Coffee has always been a big deal in Latin America – so deeply embedded in our cultures that it is the subject of iconic songs; used as a metaphor for everything from skin color to sex. Countries like Costa Rica, Colombia, and Guatemala export some of the boldest, most flavorful beans in the world, and in the U.S., the majority of coffee consumed is sourced from Latin America. Taken together with the fact that no ethnic group drinks more coffee than Latinos, it would seem like a no brainer that Latinos would be killing it on the craft coffee scene.
That’s certainly the case in Los Angeles, where Latino entrepreneurs have been opening third-wave coffee shops – those that treat coffee as an artisanal product – and tapping into a market that is often ignored in LA’s specialty coffee scene.
Ulysses Romero, who opened Tierra Mía Coffee in 2008, can be credited with kicking off the wave. Instead of heading to trendy locations like Silver Lake and Venice, where many specialty coffee shops were located, he chose South Gate – a neighborhood where 9 out of 10 people are Latinos.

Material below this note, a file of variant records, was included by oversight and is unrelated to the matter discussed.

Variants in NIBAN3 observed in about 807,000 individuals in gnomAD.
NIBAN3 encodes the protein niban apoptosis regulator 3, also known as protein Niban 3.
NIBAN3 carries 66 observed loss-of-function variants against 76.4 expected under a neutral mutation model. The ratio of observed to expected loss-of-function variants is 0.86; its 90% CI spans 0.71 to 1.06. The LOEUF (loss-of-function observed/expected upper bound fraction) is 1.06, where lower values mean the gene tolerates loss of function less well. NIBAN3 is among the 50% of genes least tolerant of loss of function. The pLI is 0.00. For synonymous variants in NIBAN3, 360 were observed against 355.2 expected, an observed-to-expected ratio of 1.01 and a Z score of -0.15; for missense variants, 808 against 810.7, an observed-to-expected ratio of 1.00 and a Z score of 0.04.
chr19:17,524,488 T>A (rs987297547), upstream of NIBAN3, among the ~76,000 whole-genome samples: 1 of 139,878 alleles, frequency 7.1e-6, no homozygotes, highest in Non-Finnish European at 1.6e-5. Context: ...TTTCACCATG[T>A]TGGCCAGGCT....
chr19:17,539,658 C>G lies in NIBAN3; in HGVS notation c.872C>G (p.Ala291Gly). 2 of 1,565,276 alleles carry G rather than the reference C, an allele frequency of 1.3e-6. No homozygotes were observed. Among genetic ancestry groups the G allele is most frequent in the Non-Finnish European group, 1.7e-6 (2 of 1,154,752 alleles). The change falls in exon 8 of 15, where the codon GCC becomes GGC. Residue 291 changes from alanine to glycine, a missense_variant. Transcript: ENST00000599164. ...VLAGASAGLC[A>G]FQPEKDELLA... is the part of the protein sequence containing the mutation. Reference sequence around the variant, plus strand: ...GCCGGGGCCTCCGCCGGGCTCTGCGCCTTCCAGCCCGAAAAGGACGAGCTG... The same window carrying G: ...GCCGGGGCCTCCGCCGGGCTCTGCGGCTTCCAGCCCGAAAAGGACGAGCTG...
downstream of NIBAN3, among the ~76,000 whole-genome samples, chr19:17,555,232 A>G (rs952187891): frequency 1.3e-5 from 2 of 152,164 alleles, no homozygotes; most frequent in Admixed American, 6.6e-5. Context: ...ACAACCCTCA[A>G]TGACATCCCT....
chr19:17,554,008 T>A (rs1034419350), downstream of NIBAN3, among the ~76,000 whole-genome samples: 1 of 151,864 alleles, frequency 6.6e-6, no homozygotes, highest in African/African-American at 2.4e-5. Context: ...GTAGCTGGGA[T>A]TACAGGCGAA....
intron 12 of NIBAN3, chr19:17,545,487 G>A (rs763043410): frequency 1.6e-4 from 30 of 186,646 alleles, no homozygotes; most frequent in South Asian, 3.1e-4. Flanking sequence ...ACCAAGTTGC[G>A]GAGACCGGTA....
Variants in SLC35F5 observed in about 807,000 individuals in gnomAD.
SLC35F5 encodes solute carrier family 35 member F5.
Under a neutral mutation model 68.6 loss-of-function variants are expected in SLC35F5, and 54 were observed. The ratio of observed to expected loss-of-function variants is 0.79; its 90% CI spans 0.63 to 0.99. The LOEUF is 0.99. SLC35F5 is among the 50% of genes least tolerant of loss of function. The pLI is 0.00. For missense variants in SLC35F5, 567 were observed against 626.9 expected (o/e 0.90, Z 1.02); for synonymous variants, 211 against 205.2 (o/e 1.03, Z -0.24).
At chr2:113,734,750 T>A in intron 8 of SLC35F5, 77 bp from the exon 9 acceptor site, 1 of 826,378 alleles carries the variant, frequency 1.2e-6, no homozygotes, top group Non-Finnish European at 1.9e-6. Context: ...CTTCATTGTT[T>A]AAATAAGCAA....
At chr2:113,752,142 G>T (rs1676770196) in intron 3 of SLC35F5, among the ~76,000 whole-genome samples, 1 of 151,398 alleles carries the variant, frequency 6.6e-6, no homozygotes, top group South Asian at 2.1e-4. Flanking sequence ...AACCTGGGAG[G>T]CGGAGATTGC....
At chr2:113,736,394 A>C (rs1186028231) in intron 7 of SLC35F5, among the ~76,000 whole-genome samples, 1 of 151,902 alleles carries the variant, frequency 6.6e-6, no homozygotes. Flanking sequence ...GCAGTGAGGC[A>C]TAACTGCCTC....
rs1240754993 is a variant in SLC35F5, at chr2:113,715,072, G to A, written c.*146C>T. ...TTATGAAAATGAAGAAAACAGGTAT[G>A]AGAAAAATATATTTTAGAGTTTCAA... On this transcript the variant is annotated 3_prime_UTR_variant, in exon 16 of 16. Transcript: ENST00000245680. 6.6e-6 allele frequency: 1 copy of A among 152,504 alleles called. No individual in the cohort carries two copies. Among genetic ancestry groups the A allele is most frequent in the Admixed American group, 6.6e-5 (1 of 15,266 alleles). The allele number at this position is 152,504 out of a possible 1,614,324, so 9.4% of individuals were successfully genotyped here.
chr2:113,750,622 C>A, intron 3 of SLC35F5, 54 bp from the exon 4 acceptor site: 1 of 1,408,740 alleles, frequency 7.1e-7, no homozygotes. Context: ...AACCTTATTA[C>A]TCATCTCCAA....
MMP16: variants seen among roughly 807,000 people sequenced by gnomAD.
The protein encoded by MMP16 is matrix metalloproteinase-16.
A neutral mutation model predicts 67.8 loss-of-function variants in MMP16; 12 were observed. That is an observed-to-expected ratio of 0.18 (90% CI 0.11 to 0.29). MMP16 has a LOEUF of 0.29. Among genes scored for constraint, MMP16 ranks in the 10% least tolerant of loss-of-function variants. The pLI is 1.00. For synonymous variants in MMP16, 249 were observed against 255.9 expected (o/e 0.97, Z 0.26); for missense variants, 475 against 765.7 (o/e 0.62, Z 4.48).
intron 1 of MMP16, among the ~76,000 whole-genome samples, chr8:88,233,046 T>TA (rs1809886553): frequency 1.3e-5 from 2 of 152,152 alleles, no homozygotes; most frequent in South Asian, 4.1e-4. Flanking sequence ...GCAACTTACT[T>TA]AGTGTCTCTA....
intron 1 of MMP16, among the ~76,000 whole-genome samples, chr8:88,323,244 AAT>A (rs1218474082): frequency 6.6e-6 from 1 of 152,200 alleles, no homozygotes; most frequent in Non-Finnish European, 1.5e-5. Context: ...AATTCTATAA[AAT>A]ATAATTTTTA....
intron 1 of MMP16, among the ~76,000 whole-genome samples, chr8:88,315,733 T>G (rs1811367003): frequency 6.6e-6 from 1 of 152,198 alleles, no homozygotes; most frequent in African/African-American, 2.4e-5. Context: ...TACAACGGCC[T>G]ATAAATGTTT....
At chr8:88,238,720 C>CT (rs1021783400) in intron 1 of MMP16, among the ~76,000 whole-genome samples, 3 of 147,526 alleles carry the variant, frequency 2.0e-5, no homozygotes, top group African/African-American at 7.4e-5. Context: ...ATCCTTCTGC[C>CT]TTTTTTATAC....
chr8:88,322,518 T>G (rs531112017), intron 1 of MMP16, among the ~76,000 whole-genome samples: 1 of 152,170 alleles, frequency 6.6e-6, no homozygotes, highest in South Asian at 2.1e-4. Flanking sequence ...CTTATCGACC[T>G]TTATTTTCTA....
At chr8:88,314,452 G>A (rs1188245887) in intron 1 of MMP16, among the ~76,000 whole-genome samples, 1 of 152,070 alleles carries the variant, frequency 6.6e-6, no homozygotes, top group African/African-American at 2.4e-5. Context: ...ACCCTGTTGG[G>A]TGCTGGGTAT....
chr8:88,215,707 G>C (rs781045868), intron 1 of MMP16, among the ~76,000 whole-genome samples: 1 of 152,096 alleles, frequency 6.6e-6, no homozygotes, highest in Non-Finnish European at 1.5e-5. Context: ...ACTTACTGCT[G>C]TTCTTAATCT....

“I decided that I wanted to start a business, and I felt it made the most sense to do something that reflected who I was and what I understood and what I grew up with,” Romero told The Guardian.
Mexican-American Romero jumped at the opportunity to represent Latin American flavors at his coffeehouse. “To me, it totally makes sense to connect to where the product comes from,” he said. Seeing this potential was a catalyst for Latino coffeehouses.
There’s now 10 Tierra Mía locations, which serve delicious drinks like horchata lattes, Mexican hot chocolate, and tres leches muffins. Other Latino coffeehouses, like Cafecito Orgánico, Primera Taza, and Antigua Coffee House, have also had success.
Antigua Coffee House sources all their coffee from Guatemalan farms, and it was inspired by Espresso Mi Cultura – an OG Latino coffeehouse that closed in 2003. When Yancey Quiñones worked on making Antigua a reality 10 years ago, he couldn’t get anyone to invest in his Cypress Park business, an area that had high level of gang activity.
The neighborhood is still mostly Mexican, but the demographics have shifted a little. With that, Quiñones has been able to introduce his coffee to a new group of people. “I feel like [new residents] like it. It’s different from what they’re used to seeing,” Quiñones says. “But at the end of the day, it’s all about the espresso. It’s all about the high-quality machines we use, and the way it’s pulled. People are going to pay you if it’s a good cup of coffee.”
Cafecito Orgánico, which has been around since 2004 but got its first storefront location in 2010, proves that even in affluent communities, Latino coffeehouses are doing well.
[H/T The Guardian]